If you are a fan of such shows as The X-Files, Fringe, or Warehouse 13 (a Syfy show I must also recommend for its delightful characters), then you would like Torchwood. It is another take on the typical monster-of-the-week storyline with an alien/supernatural twist. Add some gratuitous violence and sex in a show that is so bold as to have its protagonist be openly bisexual and you have a fascinating start.

Roald Dahl Plass in Cardiff, the location of the Torchwood Institute in Wales
Roald Dahl Plass in Cardiff, the location of the Torchwood Institute in Wales | Source
Actors John Barrowman (Captain Jack Harkness) and Gareth David-Lloyd (Ianto Jones)
Actors John Barrowman (Captain Jack Harkness) and Gareth David-Lloyd (Ianto Jones) | Source

Controversy

Season three of Torchwood deviated from the mold of the first seasons in a few ways. Firstly, rather than a full season, Torchwood: Children of Earth aired as a miniseries over five nights. It also aired one hour earlier, taking over the slot usually occupied by Doctor Who while it was on hiatus. This may seem insignificant, but the change put Torchwood at a more family-friendly hour, which put some restrictions on what content could be aired.

Depending on who you talk to, Children of Earth was either a success or a disaster. The story is compelling: one day all of the children on earth stop in their tracks and deliver a single message "We are coming." The members of Torchwood are being hunted and an alien invasion is on the way that will put all of the children in danger. The turning point for many, however, is what happens to the beloved main characters when these aliens, the 456, finally arrive.

SPOILERS AHEAD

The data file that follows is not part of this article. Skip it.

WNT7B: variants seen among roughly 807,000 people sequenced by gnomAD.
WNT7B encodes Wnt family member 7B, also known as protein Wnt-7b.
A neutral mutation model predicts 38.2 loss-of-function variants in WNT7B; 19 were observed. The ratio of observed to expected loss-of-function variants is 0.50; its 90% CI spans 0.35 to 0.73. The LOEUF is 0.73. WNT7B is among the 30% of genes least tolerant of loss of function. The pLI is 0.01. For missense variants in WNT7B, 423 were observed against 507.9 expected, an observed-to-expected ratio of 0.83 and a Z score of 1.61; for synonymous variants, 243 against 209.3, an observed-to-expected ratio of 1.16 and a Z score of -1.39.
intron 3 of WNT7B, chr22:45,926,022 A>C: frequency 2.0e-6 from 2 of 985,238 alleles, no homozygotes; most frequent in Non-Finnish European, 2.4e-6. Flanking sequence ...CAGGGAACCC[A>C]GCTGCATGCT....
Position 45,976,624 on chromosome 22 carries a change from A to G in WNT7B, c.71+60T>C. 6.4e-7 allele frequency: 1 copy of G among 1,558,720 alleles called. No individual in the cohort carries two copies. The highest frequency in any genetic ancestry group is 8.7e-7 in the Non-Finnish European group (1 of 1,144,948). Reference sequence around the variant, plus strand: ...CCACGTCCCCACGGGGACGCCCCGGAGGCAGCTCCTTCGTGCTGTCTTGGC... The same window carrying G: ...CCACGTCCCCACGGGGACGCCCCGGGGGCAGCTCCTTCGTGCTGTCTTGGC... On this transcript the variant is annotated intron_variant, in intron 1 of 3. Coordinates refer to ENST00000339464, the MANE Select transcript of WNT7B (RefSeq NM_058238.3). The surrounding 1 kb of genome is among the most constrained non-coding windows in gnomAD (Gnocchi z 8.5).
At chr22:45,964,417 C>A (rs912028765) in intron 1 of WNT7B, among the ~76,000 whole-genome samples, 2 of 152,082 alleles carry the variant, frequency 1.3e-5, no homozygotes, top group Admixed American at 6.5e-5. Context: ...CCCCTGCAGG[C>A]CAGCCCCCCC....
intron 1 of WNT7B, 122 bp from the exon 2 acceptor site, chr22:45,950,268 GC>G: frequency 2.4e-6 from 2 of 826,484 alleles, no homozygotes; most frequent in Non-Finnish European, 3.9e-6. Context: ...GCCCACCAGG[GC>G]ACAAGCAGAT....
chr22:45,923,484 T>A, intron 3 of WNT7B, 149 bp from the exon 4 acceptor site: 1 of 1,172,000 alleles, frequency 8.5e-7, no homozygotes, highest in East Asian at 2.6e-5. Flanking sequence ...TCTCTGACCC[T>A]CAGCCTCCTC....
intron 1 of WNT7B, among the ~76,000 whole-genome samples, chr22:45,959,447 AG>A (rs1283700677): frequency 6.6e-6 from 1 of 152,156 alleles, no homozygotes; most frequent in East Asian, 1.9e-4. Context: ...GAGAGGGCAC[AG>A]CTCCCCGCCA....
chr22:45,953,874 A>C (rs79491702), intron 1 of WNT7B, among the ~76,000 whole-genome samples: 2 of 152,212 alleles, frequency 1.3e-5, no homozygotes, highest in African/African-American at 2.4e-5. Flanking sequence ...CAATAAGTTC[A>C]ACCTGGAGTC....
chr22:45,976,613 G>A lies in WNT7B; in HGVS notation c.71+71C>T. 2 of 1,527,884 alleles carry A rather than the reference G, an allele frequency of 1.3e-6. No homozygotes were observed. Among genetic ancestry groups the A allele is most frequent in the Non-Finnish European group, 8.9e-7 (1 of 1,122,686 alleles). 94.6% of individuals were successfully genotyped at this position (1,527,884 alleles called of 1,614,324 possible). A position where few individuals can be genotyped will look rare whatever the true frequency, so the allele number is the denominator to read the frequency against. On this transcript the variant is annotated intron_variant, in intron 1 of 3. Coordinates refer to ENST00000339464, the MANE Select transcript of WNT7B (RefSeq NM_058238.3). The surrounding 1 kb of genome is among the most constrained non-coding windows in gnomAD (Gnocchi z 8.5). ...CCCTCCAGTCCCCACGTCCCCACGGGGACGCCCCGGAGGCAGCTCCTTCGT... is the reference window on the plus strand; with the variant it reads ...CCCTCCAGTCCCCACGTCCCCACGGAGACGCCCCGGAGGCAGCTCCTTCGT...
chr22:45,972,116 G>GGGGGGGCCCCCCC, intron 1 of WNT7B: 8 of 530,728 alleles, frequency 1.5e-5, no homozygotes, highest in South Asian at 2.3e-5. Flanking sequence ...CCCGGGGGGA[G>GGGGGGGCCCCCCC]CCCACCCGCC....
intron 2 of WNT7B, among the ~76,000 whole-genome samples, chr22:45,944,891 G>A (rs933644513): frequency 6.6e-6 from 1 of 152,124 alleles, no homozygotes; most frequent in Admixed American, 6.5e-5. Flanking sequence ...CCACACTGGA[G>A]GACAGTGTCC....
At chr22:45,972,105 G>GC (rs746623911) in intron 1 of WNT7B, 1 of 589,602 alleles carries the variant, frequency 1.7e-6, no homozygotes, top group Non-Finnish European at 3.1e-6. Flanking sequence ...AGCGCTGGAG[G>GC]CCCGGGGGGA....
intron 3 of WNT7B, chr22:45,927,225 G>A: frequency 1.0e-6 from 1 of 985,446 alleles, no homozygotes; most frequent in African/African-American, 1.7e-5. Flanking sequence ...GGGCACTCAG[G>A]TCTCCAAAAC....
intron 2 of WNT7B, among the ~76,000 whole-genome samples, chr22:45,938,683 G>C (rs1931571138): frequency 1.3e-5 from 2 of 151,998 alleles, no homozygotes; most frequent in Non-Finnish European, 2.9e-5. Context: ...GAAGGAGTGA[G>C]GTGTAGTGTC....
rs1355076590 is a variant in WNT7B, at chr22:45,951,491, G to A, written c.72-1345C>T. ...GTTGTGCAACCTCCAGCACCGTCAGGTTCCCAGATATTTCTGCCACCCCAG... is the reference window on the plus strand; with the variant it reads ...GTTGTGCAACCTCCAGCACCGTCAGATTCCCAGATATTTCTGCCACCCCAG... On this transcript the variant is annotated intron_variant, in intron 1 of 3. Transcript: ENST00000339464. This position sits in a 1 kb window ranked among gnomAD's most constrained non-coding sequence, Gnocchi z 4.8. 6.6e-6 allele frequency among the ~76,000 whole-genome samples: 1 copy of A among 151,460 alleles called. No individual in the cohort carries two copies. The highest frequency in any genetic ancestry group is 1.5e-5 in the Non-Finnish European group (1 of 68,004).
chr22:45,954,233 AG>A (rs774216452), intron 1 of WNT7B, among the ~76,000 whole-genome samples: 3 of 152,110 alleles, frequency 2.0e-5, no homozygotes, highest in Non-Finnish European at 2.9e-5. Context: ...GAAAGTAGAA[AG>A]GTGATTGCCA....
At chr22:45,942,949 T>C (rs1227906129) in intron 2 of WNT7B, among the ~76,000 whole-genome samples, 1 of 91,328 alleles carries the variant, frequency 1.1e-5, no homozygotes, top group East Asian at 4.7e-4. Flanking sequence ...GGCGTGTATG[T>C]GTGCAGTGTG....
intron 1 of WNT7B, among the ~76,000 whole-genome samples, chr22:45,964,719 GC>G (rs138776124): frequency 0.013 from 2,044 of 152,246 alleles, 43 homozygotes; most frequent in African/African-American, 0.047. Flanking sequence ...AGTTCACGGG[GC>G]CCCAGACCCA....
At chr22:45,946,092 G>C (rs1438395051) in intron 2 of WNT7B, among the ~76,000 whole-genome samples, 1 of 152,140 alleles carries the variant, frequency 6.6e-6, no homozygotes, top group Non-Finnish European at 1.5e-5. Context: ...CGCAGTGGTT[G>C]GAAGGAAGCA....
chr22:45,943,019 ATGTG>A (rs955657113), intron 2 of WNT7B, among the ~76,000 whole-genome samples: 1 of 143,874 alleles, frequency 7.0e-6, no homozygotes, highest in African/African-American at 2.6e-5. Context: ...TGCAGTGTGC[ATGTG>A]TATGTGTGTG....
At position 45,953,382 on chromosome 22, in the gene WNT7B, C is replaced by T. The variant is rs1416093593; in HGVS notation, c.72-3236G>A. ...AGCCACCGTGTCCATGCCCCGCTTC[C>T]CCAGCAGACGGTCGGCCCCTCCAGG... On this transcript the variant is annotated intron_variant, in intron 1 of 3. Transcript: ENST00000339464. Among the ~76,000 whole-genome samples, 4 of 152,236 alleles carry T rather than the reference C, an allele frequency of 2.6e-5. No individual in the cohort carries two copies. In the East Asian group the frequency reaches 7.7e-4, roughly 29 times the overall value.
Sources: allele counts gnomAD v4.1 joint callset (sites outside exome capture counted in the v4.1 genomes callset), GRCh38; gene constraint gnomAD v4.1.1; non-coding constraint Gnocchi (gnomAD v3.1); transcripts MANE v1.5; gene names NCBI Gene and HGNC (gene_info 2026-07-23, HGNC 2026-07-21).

Captain Jack has always been the attractive and never aging heart of the show. When he began dating his teammate, Ianto Jones, the relationship showed yet another, softer side, of Jack. So when Ianto died in Jack's arms at the end of Children of Earth, the poignant moment was powerful as well as devastating in its effect. Television shows should not be afraid to kill popular characters as it can get in the way of storytelling, but when such a death leaves your main character devastated as well, it can have powerful consequences. When Jack ends up sacrificing his own granddaughter in order to save the world, his character turned a corner. Where would he go now?

Bold storytelling or character massacre, Children of Earth left the Torchwood Institute in ruins.

What is Miracle Day?

On July 8, 2011, death takes a vacation. A man on death row receives a lethal injection and survives, a boy is shot multiple times and keeps breathing, and a CIA agent who should have died in a car crash is left alive to wonder how he survived and what will be in store for him now. The effect is worldwide, and people begin to speak of "Miracle Day," the day when death no longer had a hold on humans.